Once upon a time in the Catskills…
Once upon a time (this past weekend), a big group of friends and I hopped in our Hondas and Subarus and drove far, far away (’bout 2 hours) into the wilderness (the Catskills).
We heard that something special (an amazing wedding) was happening there, and we needed to see it for ourselves.
So we rented a cabin (Kate’s Lazy Meadow), deep in the woods, co-owned by a woman with flaming red hair and a former life as a singer in a popular ’90s group (The B52′s). That’s right. We spent our weekend at the lo-o-o-ve shack.
And that’s when strange things started happening.
First of all, there was no glitter on the mattress. Or the front porch, for that matter. And the roof? NOT TIN.
The place was like a shrine to Santa Fe, filled with southwestern rugs, Indian paintings and Navajo symbols painted on the walls and ceilings. I loved it. It reminded me of the bolo ties my dad wore everyday for three years straight because he insisted they were cool (they weren’t).
Anyway, we picked our rooms, dropped our bags, and headed out to a local hotel bar for the wedding pre-party.
The place was rustic and cozy and looked like it’d been whittled by hand out of very old wood. It would have been paradise if the first thing out of everyone’s mouths wasn’t:
“DID YOU SEE THE DEAD BEAR IN THE PARKING LOT?”
You see? This is why we don’t leave the city.
Anyway, we drink our draft beers and try to erase the grisly image of a big dead bear from the corner of our minds. We chit-chat with friends old and new, and through the course of the evening, discover that three of us have made the unfortunate mistake of forgetting our pants for the weekend. I forgot to pack my pajama pants, the best man has forgotten his dress pants, and Vin neglected to bring any underpants. This is a bonding moment for us. The fraternal order of the forgotten pants.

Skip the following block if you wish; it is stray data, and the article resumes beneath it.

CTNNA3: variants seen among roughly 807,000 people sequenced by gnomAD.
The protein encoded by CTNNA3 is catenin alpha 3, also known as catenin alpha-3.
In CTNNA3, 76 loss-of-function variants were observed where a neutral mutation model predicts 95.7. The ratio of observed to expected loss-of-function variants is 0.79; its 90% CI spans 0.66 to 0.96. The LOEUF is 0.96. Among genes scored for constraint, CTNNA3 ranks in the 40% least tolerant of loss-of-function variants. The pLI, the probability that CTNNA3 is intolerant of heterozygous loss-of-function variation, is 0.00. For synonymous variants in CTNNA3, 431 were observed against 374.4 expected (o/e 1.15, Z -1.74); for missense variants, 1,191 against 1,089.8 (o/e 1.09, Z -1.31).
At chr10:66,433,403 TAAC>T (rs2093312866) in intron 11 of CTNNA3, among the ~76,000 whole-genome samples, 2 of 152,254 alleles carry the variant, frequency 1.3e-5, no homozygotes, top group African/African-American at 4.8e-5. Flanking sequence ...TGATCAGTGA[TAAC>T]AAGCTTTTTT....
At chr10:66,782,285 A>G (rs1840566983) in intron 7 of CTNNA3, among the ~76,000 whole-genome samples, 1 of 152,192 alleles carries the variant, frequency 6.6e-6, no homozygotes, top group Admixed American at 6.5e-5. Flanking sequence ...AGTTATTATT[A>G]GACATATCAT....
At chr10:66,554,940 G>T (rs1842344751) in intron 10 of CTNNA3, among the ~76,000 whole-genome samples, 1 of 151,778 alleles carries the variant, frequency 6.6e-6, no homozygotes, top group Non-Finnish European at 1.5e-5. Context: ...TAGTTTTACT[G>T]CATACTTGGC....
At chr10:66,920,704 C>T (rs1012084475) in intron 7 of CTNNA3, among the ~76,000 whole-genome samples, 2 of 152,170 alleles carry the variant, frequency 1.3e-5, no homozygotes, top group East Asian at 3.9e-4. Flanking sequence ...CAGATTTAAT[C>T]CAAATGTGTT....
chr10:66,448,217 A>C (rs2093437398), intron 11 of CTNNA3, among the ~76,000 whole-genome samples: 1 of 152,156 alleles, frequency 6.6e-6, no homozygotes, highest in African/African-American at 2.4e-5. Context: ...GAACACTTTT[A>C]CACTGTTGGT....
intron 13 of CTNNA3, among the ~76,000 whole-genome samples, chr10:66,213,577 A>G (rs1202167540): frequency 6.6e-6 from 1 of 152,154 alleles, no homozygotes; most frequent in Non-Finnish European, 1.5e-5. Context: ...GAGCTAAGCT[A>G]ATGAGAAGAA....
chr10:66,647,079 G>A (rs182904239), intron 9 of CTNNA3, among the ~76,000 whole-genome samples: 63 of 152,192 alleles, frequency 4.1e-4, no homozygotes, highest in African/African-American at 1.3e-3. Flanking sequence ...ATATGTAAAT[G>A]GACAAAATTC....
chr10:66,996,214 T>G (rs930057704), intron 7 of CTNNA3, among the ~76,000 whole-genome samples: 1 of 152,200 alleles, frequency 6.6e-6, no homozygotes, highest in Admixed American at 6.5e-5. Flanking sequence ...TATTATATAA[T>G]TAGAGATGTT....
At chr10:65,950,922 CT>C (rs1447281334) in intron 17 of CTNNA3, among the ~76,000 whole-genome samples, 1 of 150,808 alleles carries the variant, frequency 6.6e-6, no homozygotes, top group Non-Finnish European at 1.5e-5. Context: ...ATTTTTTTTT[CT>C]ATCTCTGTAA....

After last call, we drive back down the pitchest-blackest road in the whole wide world until we get to the dark, scary, narrow road where our little navajo cabin is set way in the back of some super dark and totally creepy woods.
Have I painted the scene yet?
Around 2 a.m., one of the guests in our house (the one in her 7th month of pregnancy) feels her throat close up real, real tight. She is unable to breathe and believes she is reacting to some type of allergen in the house. She’s in such misery that she and her husband take their pillows and blankets and attempt to SLEEP IN THEIR CAR in the middle of the really creepy woods in the dark, scary night. When I heard about it the next morning I felt like they’d just described the opening scene of a terrible low-budget horror movie.
Would you sleep next to this murder waystation without an axe by your side? I would not. This thing was built for stacking bodies.
The next day, we all found ways to keep ourselves entertained before the wedding. I was so hungry I could have eaten a horse (or a bear–awww, sad face), so my husband Vin, our friend Mike and I drove into the closest town for a late brunch. That town was Woodstock.
Yes, that one.